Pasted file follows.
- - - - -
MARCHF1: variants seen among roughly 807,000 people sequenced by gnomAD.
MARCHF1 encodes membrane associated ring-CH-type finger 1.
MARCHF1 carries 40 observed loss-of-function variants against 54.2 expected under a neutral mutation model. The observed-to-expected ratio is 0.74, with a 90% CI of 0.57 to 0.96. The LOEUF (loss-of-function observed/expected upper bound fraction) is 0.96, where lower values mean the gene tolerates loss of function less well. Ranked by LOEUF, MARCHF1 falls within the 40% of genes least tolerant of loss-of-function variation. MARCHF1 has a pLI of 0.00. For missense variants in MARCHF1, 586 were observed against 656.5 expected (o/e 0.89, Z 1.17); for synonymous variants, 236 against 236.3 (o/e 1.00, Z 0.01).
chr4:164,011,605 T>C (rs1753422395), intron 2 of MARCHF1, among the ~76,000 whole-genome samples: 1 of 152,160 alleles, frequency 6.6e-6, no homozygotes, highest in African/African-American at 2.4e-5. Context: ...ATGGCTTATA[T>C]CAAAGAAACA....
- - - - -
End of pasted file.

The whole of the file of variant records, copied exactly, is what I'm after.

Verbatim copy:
MARCHF1: variants seen among roughly 807,000 people sequenced by gnomAD.
MARCHF1 encodes membrane associated ring-CH-type finger 1.
MARCHF1 carries 40 observed loss-of-function variants against 54.2 expected under a neutral mutation model. The observed-to-expected ratio is 0.74, with a 90% CI of 0.57 to 0.96. The LOEUF (loss-of-function observed/expected upper bound fraction) is 0.96, where lower values mean the gene tolerates loss of function less well. Ranked by LOEUF, MARCHF1 falls within the 40% of genes least tolerant of loss-of-function variation. MARCHF1 has a pLI of 0.00. For missense variants in MARCHF1, 586 were observed against 656.5 expected (o/e 0.89, Z 1.17); for synonymous variants, 236 against 236.3 (o/e 1.00, Z 0.01).
chr4:164,011,605 T>C (rs1753422395), intron 2 of MARCHF1, among the ~76,000 whole-genome samples: 1 of 152,160 alleles, frequency 6.6e-6, no homozygotes, highest in African/African-American at 2.4e-5. Context: ...ATGGCTTATA[T>C]CAAAGAAACA....